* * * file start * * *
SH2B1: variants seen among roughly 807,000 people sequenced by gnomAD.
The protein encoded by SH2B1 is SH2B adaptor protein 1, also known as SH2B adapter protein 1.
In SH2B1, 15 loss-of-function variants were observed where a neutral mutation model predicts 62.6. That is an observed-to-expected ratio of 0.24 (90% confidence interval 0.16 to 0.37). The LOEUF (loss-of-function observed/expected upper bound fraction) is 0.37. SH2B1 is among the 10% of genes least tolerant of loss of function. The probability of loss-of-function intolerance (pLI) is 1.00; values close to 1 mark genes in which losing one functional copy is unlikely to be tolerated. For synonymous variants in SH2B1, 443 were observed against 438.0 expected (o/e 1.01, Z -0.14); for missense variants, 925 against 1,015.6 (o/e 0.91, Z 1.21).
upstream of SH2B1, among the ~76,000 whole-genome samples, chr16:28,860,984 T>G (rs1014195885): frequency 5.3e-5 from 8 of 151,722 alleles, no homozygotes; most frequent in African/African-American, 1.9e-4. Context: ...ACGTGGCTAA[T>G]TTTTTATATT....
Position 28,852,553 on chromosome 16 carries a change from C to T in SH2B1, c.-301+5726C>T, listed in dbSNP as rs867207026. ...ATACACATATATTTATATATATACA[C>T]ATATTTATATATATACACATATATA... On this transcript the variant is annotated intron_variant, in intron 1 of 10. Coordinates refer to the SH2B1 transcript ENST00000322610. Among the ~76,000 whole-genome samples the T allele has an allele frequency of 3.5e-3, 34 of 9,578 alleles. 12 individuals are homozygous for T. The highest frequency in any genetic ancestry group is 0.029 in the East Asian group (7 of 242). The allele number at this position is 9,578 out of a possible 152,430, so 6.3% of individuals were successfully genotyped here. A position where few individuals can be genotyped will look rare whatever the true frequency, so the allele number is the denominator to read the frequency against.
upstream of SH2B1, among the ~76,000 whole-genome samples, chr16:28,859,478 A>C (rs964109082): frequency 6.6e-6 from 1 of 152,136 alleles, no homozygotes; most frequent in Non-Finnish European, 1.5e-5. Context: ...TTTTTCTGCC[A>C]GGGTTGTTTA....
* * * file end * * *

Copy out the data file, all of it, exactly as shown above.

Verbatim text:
SH2B1: variants seen among roughly 807,000 people sequenced by gnomAD.
The protein encoded by SH2B1 is SH2B adaptor protein 1, also known as SH2B adapter protein 1.
In SH2B1, 15 loss-of-function variants were observed where a neutral mutation model predicts 62.6. That is an observed-to-expected ratio of 0.24 (90% confidence interval 0.16 to 0.37). The LOEUF (loss-of-function observed/expected upper bound fraction) is 0.37. SH2B1 is among the 10% of genes least tolerant of loss of function. The probability of loss-of-function intolerance (pLI) is 1.00; values close to 1 mark genes in which losing one functional copy is unlikely to be tolerated. For synonymous variants in SH2B1, 443 were observed against 438.0 expected (o/e 1.01, Z -0.14); for missense variants, 925 against 1,015.6 (o/e 0.91, Z 1.21).
upstream of SH2B1, among the ~76,000 whole-genome samples, chr16:28,860,984 T>G (rs1014195885): frequency 5.3e-5 from 8 of 151,722 alleles, no homozygotes; most frequent in African/African-American, 1.9e-4. Context: ...ACGTGGCTAA[T>G]TTTTTATATT....
Position 28,852,553 on chromosome 16 carries a change from C to T in SH2B1, c.-301+5726C>T, listed in dbSNP as rs867207026. ...ATACACATATATTTATATATATACA[C>T]ATATTTATATATATACACATATATA... On this transcript the variant is annotated intron_variant, in intron 1 of 10. Coordinates refer to the SH2B1 transcript ENST00000322610. Among the ~76,000 whole-genome samples the T allele has an allele frequency of 3.5e-3, 34 of 9,578 alleles. 12 individuals are homozygous for T. The highest frequency in any genetic ancestry group is 0.029 in the East Asian group (7 of 242). The allele number at this position is 9,578 out of a possible 152,430, so 6.3% of individuals were successfully genotyped here. A position where few individuals can be genotyped will look rare whatever the true frequency, so the allele number is the denominator to read the frequency against.
upstream of SH2B1, among the ~76,000 whole-genome samples, chr16:28,859,478 A>C (rs964109082): frequency 6.6e-6 from 1 of 152,136 alleles, no homozygotes; most frequent in Non-Finnish European, 1.5e-5. Context: ...TTTTTCTGCC[A>C]GGGTTGTTTA....